As an add on, I see here a Biblical definition of evil. People think evil involves heinous and violent crimes. But according to this passage, showing deference to the rich and disrespecting the poor, within the church, is evil. That would be a shocker for some people. I need to accept God’s definition of evil and not the world’s definition.

Part 2: Love Others Equally Regardless of Wealth and Standing (8-12)

Verses 8-12, “8 If you really fulfill the royal law according to the Scripture, “You shall love your neighbor as yourself,” you are doing well. 9 But if you show partiality, you are committing sin and are convicted by the law as transgressors. 10 For whoever keeps the whole law but fails in one point has become guilty of all of it. 11 For he who said, “Do not commit adultery,” also said, “Do not murder.” If you do not commit adultery but do murder, you have become a transgressor of the law. 12 So speak and so act as those who are to be judged under the law of liberty.” (ESV)

The Royal Law is: “Love your neighbor as yourself.” Showing partiality, based on wealth and standing, is negating the law of love. Choosing the rich over the poor is not loving your neighbor as yourself.

How is showing partiality to people within the church not an act of love? When a person does this then they are discriminating against the poor. They hurt their feelings in an untruthful way. They are shut out of fellowship. They may be overlooked for positions of leadership in the church. They are made to feel inadequate, when they are not. They might not receive resources that would be due them.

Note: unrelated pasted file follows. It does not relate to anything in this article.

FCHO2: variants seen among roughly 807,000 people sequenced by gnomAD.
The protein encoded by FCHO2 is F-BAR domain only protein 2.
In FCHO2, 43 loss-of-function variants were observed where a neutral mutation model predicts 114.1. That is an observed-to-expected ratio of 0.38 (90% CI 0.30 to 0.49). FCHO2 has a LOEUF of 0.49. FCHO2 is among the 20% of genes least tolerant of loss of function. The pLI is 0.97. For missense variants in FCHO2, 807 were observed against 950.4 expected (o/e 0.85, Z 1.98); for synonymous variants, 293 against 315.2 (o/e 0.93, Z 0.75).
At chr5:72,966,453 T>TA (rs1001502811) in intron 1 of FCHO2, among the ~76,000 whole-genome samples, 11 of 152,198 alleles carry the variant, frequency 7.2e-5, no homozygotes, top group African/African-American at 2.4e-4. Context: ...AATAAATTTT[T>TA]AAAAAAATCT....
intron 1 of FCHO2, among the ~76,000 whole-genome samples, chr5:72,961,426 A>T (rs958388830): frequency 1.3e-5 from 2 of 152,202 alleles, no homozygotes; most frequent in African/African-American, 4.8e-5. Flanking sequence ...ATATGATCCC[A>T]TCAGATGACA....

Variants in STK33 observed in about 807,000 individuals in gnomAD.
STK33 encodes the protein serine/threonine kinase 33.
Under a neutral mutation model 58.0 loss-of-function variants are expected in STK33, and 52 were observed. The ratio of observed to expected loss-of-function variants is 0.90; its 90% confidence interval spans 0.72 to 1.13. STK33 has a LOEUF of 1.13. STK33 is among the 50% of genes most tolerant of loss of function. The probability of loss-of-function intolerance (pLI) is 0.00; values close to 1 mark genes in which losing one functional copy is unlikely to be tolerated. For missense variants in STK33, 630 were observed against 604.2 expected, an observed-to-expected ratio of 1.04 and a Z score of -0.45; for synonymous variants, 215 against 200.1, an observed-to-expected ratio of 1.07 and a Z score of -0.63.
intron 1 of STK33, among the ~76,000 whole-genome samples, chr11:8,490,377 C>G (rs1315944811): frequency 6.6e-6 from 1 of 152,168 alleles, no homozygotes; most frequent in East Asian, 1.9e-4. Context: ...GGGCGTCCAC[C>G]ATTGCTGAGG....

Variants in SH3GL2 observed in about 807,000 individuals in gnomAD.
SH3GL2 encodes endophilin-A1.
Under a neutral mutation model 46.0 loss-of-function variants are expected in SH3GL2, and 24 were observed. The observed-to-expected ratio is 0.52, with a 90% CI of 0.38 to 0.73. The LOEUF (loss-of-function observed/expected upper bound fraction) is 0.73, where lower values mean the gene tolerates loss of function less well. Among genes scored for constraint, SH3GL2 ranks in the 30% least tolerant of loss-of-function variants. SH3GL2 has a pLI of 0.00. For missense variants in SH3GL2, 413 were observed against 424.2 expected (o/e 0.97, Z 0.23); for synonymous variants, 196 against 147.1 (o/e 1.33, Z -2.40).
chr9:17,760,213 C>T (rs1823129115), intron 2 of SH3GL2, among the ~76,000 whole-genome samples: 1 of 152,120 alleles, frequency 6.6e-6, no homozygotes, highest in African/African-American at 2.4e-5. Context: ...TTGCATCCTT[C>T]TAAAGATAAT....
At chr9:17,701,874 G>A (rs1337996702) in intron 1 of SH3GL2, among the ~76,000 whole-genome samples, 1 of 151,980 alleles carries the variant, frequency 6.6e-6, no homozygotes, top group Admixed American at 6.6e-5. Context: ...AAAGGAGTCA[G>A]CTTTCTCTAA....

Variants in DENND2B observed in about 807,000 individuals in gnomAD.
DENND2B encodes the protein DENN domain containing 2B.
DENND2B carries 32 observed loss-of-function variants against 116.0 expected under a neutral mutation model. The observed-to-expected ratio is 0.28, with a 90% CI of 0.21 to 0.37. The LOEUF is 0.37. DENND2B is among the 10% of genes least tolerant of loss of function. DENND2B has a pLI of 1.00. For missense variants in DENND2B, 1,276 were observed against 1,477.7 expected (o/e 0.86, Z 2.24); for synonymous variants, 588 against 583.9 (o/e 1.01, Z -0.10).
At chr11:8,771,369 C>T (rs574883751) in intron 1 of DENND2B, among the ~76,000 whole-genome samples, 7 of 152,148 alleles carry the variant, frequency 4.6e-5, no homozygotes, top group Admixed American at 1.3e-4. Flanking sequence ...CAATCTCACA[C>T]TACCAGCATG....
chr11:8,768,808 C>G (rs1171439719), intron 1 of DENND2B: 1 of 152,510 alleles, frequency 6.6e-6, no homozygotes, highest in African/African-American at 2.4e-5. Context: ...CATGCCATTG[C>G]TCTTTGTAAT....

Think about Jesus. He did not show partiality. He did not pour out his blessings only on those with high paying jobs and a good income and high social standing. He came to lepers and the poor. There were a few rich people he went to, like the tax collector and Zacchaeus. But mostly Jesus came to those who knew that they were spiritually sick and in need of the Spiritual Doctor, Jesus Christ. Jesus honored his twelve disciples and not the Pharisees. The disciples were ordinary men and yet they are the ones that God worked through to change the course of history by bringing the message of salvation to the world. The Old Testament echoes this truth. Deuteronomy 10:7, “For the LORD your God is God of gods and Lord of lords, the great, the mighty, and the awesome God, who is not partial and takes no bribe.” (ESV) His people reflect his character.

When the scribe in Luke 10 asked Jesus, “Who is my neighbor?” Jesus answered with the parable of the Good Samaritan. My neighbor is whoever needs my help. The Ten Commandments were given as guidelines for loving our neighbors. We become lawbreakers if we break even one. If we show mercy and kindness to some neighbors but withhold it from others, we break the Royal Law of love and become judges with evil thoughts. But always remember, we must be strict in applying the law to ourselves, and generous in applying it to others.

This is serious business. We may be good church members, serving in the church and offering up money and prayers. We may serve the needy. But if we show partiality to the rich and those with higher social standing, then we are sinning against God and against God’s people. We need to be humble and set our hearts on obeying Christ in our relationships. God’s glory is at stake.

Prayer: Lord, help me to see people as you see them. Help me to honor faith and not just wealth and social standing. Help me to love my neighbor, whoever they may be, rich or poor.”

One Word: See people with Christ’s eyes and relate to them equally with God’s love.